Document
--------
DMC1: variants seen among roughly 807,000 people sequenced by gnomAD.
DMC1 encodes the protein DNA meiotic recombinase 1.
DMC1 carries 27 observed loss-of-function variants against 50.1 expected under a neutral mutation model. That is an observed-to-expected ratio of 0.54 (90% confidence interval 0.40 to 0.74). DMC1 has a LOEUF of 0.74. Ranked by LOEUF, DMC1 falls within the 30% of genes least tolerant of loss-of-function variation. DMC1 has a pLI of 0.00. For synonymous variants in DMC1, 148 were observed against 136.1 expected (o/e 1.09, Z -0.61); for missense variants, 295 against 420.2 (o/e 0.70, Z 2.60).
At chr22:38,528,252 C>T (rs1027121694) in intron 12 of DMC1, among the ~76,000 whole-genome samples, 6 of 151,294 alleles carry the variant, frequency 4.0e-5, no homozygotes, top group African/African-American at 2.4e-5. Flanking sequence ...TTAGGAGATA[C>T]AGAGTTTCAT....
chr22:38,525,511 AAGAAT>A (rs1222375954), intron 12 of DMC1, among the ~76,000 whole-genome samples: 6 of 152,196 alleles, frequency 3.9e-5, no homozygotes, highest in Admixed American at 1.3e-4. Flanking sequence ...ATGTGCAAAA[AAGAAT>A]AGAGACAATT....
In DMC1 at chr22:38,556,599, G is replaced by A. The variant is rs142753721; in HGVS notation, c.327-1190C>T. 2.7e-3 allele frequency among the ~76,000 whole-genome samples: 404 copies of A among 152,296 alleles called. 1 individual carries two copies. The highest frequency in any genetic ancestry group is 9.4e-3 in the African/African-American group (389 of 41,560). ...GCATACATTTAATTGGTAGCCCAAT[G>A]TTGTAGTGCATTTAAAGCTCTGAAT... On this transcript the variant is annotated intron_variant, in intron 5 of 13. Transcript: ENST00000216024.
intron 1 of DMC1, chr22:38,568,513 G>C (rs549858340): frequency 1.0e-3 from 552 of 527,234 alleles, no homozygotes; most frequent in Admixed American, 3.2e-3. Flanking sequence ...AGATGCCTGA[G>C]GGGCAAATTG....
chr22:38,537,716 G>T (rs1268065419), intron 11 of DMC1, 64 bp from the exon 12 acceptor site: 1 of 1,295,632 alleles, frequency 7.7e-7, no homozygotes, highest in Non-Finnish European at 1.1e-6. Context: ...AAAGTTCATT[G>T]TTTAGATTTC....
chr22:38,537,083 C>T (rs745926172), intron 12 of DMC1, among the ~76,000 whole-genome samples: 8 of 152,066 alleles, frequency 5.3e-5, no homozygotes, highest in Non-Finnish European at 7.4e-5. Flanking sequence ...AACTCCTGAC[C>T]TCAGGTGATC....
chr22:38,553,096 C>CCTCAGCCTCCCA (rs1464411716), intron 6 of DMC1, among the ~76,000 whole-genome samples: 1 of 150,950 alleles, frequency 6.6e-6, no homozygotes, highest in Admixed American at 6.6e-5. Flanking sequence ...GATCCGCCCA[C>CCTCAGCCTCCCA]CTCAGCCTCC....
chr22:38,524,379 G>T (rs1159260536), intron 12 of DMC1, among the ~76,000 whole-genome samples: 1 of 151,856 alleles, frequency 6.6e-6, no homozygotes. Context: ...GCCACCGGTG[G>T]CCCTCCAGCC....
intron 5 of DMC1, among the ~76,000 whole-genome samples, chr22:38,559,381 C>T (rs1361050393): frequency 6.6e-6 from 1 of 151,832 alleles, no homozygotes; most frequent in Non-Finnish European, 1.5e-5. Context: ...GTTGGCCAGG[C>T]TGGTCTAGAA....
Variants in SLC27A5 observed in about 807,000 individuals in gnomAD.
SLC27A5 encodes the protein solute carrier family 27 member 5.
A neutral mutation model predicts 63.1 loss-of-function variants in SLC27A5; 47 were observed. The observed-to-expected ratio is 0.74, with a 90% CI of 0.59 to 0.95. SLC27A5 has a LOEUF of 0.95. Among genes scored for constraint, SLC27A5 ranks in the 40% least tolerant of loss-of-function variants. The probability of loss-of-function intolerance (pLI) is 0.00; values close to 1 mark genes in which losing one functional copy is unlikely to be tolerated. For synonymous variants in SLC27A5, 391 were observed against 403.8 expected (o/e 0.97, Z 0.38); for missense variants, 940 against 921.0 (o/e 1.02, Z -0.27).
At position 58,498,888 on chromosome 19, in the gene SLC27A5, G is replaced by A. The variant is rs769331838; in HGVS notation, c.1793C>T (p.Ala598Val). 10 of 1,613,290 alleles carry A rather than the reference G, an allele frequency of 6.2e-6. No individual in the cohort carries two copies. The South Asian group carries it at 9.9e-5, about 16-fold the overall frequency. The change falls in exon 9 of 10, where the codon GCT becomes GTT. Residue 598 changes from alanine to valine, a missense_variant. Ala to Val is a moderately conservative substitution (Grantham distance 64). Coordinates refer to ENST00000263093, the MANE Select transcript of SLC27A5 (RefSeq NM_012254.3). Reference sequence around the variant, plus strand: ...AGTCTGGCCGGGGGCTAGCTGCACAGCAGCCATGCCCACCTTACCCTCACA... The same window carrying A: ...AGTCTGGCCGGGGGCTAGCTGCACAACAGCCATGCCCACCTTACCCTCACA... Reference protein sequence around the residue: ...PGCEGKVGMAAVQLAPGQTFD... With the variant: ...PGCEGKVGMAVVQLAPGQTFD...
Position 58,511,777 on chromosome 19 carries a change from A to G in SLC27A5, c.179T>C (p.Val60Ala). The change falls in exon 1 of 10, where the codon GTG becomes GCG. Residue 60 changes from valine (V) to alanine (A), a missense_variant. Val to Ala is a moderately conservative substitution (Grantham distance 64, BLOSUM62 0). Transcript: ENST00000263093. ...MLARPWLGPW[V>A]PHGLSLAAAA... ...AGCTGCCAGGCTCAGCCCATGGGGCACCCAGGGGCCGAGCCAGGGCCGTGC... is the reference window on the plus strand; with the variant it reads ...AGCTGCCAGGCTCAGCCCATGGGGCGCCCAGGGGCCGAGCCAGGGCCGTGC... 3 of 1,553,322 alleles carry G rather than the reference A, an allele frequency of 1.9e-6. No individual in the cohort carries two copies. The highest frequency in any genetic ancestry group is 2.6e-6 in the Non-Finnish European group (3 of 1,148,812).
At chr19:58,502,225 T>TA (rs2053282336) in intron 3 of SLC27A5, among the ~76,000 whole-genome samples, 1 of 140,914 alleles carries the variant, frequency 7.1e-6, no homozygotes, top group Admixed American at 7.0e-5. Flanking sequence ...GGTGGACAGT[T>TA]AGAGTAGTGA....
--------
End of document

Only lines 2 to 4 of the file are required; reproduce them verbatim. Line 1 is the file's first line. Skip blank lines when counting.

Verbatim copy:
DMC1 encodes the protein DNA meiotic recombinase 1.
DMC1 carries 27 observed loss-of-function variants against 50.1 expected under a neutral mutation model. That is an observed-to-expected ratio of 0.54 (90% confidence interval 0.40 to 0.74). DMC1 has a LOEUF of 0.74. Ranked by LOEUF, DMC1 falls within the 30% of genes least tolerant of loss-of-function variation. DMC1 has a pLI of 0.00. For synonymous variants in DMC1, 148 were observed against 136.1 expected (o/e 1.09, Z -0.61); for missense variants, 295 against 420.2 (o/e 0.70, Z 2.60).
At chr22:38,528,252 C>T (rs1027121694) in intron 12 of DMC1, among the ~76,000 whole-genome samples, 6 of 151,294 alleles carry the variant, frequency 4.0e-5, no homozygotes, top group African/African-American at 2.4e-5. Flanking sequence ...TTAGGAGATA[C>T]AGAGTTTCAT....